A lack of understanding about restorative justice continues to be one of its biggest challenges, according to the sole provider of the service in Taranaki.
Taranaki Restorative Justice Trust chairman Senior Sergeant Malcolm Greig said people had different understandings about what restorative justice was and what it tried to achieve.
"The idea is that victims feel empowered and offenders show empathy," Mr Greig, who has been the involved with the trust since 2007, said.
Restorative justice involves a facilitated meeting between offender and victim to talk about what happened and the impact it has had on the people involved.
It focuses on holding the offender accountable while giving a chance for the victim to have their say.
"It's an opportunity for victims to tell the offender directly about how the offending has impacted on them," trust manager Rebecca Crowe said.
The trust was recently awarded the Ministry of Justice contract to service the New Plymouth and Hawera District Courts following a national tendering process.
Mr Greig said the trust was "elated" with the result and it meant more conferences being available in Taranaki in the areas of adult pre-sentence and diversion, as well as new funding for family violence cases.
"From my point of view it has validated the work we have done on the ground," he said.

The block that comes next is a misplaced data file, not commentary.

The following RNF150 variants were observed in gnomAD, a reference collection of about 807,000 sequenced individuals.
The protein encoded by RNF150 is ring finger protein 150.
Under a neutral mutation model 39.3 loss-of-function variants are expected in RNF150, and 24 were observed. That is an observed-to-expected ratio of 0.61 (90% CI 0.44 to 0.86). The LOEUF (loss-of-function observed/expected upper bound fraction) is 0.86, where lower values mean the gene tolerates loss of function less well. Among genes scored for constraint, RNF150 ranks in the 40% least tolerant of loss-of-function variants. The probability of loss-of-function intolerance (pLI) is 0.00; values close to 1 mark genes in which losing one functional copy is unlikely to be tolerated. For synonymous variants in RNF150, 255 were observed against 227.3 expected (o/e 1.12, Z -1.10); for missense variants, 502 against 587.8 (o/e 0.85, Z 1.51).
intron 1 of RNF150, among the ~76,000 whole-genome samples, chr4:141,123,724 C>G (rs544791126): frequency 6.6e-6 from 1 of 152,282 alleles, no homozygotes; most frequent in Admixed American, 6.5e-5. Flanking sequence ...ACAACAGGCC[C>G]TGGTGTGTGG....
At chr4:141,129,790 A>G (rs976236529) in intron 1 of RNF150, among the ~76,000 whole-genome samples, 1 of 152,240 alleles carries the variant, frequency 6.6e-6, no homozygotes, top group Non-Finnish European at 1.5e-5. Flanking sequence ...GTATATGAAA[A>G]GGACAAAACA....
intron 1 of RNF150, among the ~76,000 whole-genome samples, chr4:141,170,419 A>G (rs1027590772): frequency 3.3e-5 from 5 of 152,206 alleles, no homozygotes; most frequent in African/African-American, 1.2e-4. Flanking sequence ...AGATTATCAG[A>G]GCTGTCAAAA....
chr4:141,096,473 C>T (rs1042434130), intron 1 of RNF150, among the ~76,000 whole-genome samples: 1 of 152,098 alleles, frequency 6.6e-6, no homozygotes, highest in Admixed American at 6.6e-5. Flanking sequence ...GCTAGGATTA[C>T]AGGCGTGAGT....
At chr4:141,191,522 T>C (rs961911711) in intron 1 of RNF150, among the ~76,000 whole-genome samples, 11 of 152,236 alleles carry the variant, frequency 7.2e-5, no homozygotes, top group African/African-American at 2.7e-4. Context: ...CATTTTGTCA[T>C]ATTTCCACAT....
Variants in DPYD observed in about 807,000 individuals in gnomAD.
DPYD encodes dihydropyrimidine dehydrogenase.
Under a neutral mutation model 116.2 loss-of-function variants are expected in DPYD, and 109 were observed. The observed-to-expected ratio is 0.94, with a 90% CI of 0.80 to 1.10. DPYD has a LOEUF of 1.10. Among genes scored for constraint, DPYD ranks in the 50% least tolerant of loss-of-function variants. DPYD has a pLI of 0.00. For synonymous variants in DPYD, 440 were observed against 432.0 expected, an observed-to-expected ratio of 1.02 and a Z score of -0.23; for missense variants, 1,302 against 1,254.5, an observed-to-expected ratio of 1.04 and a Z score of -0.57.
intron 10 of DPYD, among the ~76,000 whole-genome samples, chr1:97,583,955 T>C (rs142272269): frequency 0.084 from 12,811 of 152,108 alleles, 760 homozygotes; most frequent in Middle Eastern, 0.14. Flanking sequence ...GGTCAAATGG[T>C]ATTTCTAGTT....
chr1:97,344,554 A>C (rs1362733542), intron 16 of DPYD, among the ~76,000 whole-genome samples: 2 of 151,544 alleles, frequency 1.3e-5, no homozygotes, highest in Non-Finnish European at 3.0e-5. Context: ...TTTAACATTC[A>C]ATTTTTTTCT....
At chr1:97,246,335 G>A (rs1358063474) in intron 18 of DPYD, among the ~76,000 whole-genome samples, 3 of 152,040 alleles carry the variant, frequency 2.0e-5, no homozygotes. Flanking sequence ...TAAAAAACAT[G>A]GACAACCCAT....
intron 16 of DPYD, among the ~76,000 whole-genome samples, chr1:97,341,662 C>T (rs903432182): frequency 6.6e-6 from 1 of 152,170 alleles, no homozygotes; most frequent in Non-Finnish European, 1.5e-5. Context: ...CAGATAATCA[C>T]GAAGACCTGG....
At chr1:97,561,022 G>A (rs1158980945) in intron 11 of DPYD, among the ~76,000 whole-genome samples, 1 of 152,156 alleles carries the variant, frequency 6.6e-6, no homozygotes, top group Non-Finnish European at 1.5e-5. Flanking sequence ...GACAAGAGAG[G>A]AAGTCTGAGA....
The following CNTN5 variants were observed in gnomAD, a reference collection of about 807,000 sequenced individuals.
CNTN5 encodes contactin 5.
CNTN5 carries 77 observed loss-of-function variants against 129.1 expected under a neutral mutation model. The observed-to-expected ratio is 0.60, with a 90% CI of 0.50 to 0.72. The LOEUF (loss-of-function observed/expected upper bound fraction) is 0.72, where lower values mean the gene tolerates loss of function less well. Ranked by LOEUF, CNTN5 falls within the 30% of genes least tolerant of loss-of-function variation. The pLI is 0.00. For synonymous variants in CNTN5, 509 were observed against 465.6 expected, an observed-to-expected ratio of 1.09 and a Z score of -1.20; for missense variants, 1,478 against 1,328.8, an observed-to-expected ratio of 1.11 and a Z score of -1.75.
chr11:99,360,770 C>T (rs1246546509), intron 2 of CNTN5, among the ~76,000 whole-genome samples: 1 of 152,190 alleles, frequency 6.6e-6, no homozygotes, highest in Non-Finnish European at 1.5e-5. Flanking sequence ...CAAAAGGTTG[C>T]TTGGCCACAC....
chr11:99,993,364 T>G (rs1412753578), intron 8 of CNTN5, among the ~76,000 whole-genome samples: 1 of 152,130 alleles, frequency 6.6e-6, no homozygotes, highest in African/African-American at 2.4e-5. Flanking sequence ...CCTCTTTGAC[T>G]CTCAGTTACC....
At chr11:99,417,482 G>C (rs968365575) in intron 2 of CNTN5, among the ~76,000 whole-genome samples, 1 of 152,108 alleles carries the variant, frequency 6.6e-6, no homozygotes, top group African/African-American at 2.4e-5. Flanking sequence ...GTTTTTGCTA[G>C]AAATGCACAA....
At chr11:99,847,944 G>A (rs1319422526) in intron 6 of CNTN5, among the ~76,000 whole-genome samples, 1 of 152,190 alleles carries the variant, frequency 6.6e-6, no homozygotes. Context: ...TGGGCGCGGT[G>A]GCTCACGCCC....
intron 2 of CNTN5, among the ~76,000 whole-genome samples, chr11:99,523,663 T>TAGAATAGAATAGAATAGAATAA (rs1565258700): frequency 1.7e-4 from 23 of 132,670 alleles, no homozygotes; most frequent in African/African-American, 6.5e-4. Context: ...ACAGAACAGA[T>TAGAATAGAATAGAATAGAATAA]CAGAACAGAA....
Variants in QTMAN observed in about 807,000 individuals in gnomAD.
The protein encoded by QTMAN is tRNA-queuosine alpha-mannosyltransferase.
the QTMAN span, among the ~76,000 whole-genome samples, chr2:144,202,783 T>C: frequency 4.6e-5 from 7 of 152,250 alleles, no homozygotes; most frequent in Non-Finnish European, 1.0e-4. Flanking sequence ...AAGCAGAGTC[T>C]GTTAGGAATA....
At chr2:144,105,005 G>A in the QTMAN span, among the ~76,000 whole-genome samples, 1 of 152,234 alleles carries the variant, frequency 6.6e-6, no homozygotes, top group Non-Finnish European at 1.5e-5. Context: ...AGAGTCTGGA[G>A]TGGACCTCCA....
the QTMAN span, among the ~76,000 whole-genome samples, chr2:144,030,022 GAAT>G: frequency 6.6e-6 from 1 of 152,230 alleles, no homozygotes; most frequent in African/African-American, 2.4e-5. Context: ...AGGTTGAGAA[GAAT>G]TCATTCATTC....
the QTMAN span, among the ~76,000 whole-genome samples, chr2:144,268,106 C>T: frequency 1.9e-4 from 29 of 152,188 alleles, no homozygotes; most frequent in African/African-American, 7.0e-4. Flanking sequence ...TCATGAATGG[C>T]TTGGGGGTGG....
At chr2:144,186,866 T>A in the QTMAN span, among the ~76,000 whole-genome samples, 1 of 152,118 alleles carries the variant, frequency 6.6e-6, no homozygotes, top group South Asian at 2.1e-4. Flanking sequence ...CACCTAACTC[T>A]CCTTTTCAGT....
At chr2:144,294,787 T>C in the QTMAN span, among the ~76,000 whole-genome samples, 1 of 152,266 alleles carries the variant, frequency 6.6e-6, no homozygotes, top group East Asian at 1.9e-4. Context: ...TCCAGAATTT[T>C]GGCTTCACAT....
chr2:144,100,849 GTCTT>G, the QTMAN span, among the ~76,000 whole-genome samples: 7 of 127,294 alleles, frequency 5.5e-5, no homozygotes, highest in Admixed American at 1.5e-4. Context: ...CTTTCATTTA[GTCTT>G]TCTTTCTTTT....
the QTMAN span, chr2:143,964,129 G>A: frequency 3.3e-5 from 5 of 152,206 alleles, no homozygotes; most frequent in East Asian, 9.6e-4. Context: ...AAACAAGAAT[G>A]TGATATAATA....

Mrs Crowe said it also highlighted the depth and length of experience the trust has had in restorative justice field.
The trust had 11 trained facilitators passionate about restorative justice and who followed best practice standards set by the Ministry of Justice, she said.
Mrs Crowe, who had been manager since November 2012, said new funding for family violence cases gave the trust an opportunity to work alongside others to develop a process that worked best for both victims and offenders.
"There is a lot of work to be done in expanding the service around family violence, but we're not alone in that," she said.
A nationwide Government funding boost of more than $4 million for restorative justice services came into effect last week, following announcements in May's Budget.
This money will fund 2400 more conferences for the period to the end of June 2015.
According to the Ministry of Justice, the Government was confident of the contribution restorative justice could make to its key targets of reducing reoffending and victimisation.
Services in cities such as Auckland and Christchurch have been expanded as part of the funding and it has been introduced in areas such as Gore.
HOW IT WORKS
- Offenders aged 17 and over who are granted diversion or plead guilty to charges in court are eligible.
- The process is voluntary for both victim and offender.
- A remand is granted by the judge for a meeting to take place.
- Agreements between offenders and victims can be made at meetings and monitored to ensure they are completed.
Source: Ministry of Justice
Deena Coster is a Witt journalism student
- © Fairfax NZ News
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